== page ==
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kaoru666
12/02/2009 4:54am,
in old kung fu movies and some modern, whenever you see someone using a sword, generally a straight one how come they have their other 2 fingers pointed outward? Is there any kind of meaning to it or is it a made up for the movies?:ninja2:

Whathappened
12/02/2009 7:59am,
Using modern language,

It is a biomechanical idiosyncrasy of the human body.
Having two fingers pointing outwards while the fingernails of last two digits are pressed by the thumb, the grip strength of the other hand increases noticeably.

I used to consider this BS myself, until I ran several experiments, one which involved holding a baseball bat (or heavy bar) parallel to the ground in similar to a T.

One hand in the two finger shape and other holding the bat: 23 avg seconds
One hand relaxed and other holding the bat: 6 avg seconds
One hand clenched fist and other holding the bat: 8 avg seconds

All were done with a 15 min break and over the interval of between several days, to reduce the possibility of muscle gain affecting the trial.

Again could be placebo unless someone is willing to help increase sample size > 1.

kaoru666
12/02/2009 3:10pm,
Using modern language,

It is a biomechanical idiosyncrasy of the human body.
Having two fingers pointing outwards while the fingernails of last two digits are pressed by the thumb, the grip strength of the other hand increases noticeably.

I used to consider this BS myself, until I ran several experiments, one which involved holding a baseball bat (or heavy bar) parallel to the ground in similar to a T.

One hand in the two finger shape and other holding the bat: 23 avg seconds
One hand relaxed and other holding the bat: 6 avg seconds
One hand clenched fist and other holding the bat: 8 avg seconds

All were done with a 15 min break and over the interval of between several days, to reduce the possibility of muscle gain affecting the trial.

Again could be placebo unless someone is willing to help increase sample size > 1.

thats intresting I always thought it had something to do with keeping forward intent

NJM
12/03/2009 3:49am,
I think the main reason the position was incorporated was to symbolize holding a blade with the opposite hand in one-handed jian forms. For the aesthetic symmetry.

Also
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kaoru666
12/03/2009 7:00am,
I think the main reason the position was incorporated was to symbolize holding a blade with the opposite hand in one-handed jian forms. For the aesthetic symmetry.

Also
<-----

I always thought thats what it was too but I wondered if there was some kind of traditional meaning behind it as well

Whathappened
12/03/2009 7:03am,
I think the main reason the position was incorporated was to symbolize holding a blade with the opposite hand in one-handed jian forms. For the aesthetic symmetry.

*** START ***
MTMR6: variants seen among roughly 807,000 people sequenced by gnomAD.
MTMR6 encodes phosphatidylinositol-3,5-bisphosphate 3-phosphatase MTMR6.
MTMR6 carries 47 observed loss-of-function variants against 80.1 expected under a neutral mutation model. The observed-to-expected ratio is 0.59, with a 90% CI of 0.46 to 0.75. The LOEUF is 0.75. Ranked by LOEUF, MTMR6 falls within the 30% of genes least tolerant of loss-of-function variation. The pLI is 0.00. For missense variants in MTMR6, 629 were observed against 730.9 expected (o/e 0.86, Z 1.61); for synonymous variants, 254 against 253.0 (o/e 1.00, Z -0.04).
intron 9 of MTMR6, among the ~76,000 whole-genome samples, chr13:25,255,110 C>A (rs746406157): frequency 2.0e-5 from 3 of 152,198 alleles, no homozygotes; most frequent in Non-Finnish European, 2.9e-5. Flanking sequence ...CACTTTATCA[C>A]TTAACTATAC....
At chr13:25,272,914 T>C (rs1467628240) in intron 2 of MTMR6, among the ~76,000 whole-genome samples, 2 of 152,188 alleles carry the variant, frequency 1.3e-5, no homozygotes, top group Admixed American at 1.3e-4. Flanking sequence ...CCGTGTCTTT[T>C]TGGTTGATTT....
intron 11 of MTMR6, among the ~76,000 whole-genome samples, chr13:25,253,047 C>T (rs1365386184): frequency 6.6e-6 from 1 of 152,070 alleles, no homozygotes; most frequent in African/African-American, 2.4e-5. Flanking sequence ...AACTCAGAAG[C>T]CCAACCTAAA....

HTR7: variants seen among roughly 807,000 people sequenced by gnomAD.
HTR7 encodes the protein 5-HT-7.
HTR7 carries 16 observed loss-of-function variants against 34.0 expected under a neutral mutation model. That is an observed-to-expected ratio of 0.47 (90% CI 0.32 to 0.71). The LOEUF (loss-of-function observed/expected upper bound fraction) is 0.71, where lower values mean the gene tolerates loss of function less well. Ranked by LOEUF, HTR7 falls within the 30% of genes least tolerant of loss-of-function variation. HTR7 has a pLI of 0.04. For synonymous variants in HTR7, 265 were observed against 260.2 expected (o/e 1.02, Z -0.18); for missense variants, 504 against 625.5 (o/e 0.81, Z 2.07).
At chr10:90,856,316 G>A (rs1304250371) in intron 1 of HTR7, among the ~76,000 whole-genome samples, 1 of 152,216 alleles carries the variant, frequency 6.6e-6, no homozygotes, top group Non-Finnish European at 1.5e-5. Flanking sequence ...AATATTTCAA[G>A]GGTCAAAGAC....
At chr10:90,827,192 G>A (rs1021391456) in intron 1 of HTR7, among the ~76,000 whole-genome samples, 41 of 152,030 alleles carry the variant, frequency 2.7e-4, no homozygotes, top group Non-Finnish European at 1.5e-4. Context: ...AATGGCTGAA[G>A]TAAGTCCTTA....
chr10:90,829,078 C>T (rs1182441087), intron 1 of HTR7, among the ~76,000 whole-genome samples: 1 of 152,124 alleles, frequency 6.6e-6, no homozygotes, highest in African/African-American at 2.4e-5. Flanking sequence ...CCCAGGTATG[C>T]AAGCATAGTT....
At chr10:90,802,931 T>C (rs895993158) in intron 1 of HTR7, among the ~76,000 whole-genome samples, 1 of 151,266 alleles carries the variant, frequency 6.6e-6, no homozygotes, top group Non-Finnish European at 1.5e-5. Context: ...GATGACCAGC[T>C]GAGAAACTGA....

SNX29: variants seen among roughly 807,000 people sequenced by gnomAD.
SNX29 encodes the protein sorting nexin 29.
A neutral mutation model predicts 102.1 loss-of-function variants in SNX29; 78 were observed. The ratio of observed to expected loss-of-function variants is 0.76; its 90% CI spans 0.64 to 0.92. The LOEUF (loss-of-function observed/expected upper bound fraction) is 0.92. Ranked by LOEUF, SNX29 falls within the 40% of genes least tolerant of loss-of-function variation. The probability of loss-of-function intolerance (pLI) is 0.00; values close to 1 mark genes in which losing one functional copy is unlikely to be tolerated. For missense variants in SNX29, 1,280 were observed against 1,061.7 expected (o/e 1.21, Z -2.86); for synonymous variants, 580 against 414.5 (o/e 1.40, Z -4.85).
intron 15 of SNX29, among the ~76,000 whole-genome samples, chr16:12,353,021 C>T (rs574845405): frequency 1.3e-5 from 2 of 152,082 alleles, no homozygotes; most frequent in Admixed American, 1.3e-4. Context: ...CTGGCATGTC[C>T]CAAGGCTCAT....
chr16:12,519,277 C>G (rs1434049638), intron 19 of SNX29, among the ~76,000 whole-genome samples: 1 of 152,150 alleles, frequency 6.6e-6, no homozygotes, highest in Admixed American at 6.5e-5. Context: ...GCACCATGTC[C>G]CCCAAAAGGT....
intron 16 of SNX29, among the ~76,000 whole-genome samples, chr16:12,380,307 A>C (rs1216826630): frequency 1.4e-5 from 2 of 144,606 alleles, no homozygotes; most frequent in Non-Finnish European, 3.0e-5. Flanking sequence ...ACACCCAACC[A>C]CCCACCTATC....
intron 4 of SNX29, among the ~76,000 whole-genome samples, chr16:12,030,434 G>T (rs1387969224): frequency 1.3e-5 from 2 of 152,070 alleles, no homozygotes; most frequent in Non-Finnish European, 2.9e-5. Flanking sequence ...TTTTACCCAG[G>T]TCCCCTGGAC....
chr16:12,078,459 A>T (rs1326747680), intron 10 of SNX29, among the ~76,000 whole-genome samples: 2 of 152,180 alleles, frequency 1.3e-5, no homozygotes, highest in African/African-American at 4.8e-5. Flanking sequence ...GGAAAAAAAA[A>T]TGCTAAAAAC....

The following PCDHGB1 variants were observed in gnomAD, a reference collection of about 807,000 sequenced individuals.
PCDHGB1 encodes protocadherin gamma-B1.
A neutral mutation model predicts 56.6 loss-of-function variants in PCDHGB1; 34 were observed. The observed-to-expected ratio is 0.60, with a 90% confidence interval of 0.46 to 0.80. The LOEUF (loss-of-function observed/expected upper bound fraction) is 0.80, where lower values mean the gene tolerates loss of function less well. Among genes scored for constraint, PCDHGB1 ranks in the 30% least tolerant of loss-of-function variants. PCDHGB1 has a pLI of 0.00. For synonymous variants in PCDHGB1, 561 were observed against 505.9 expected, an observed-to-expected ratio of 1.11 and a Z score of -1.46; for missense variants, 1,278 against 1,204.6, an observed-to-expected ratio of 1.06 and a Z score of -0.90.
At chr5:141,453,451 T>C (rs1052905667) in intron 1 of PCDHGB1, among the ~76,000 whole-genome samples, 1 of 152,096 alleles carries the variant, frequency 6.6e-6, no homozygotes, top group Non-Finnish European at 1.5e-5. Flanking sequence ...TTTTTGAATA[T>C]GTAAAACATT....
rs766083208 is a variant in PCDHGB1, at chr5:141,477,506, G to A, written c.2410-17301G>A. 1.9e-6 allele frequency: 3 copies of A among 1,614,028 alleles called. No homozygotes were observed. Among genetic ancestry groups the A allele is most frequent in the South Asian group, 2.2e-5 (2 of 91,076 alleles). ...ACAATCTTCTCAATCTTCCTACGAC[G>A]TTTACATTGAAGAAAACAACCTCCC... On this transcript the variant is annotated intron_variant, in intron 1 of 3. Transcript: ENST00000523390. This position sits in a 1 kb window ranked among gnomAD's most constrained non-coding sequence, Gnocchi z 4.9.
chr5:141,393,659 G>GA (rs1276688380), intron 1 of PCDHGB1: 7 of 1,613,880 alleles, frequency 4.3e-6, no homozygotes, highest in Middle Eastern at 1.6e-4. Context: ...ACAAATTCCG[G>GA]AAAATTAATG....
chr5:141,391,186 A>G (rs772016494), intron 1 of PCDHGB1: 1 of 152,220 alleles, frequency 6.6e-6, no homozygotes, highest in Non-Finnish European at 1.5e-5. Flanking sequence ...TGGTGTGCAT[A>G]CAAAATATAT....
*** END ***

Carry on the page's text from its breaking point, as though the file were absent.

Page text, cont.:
Also
<-----

That's what they tell folks. Think National Treasure.

kaoru666
12/03/2009 3:26pm,
That's what they tell folks. Think National Treasure.

so in sword forms your supposed to be holding a short knife?

Permalost
12/03/2009 4:38pm,
I learned that it was just to establish intent in the hand- when you put a weapon in someone's hand (especially a sword for some reason), they tend to forget things like their other hand. In tai chi sword work that I've done, it was used in a similar manner to the off hand in fencing- it offers a counterbalance that can make certain kinds of extension easier by extending it back. I've never noticed anything about making the grip on the sword any stronger- maybe I'll play around with that tonight a little bit (honestly I really doubt it). The gim doesn't really seem to need a super strong grip (unless your training partner is beating your weapon out of your hand regularly).

kaoru666
12/03/2009 5:49pm,
I learned that it was just to establish intent in the hand- when you put a weapon in someone's hand (especially a sword for some reason), they tend to forget things like their other hand. In tai chi sword work that I've done, it was used in a similar manner to the off hand in fencing- it offers a counterbalance that can make certain kinds of extension easier by extending it back. I've never noticed anything about making the grip on the sword any stronger- maybe I'll play around with that tonight a little bit (honestly I really doubt it). The gim doesn't really seem to need a super strong grip (unless your training partner is beating your weapon out of your hand regularly).
that would really make the most sense to me

Whathappened
12/03/2009 9:31pm,
so in sword forms your supposed to be holding a short knife?

No, they tell you its for aesthetics, pay no attention to it.

Iainkelt
12/04/2009 11:23am,
Not to take this out of the realm of Chinese weapons, but when I trained in Aikido we were always tought to grab with the lowest fingers (ie pinkie and ring) and thumb as the primary focus because that was a stronger grip (for reasons of body mechanics supposedly) and made it easier to maintain contact between your palm and whatever it was you were gripping (ie a sword or someone's wrist/lapel/whatever). I don't remember them saying to stick the other two fingers out in the air though, just that they aren't the fingers you want to use in this case. Could be B.S., but that is what I remember as the explanation for the grip they used.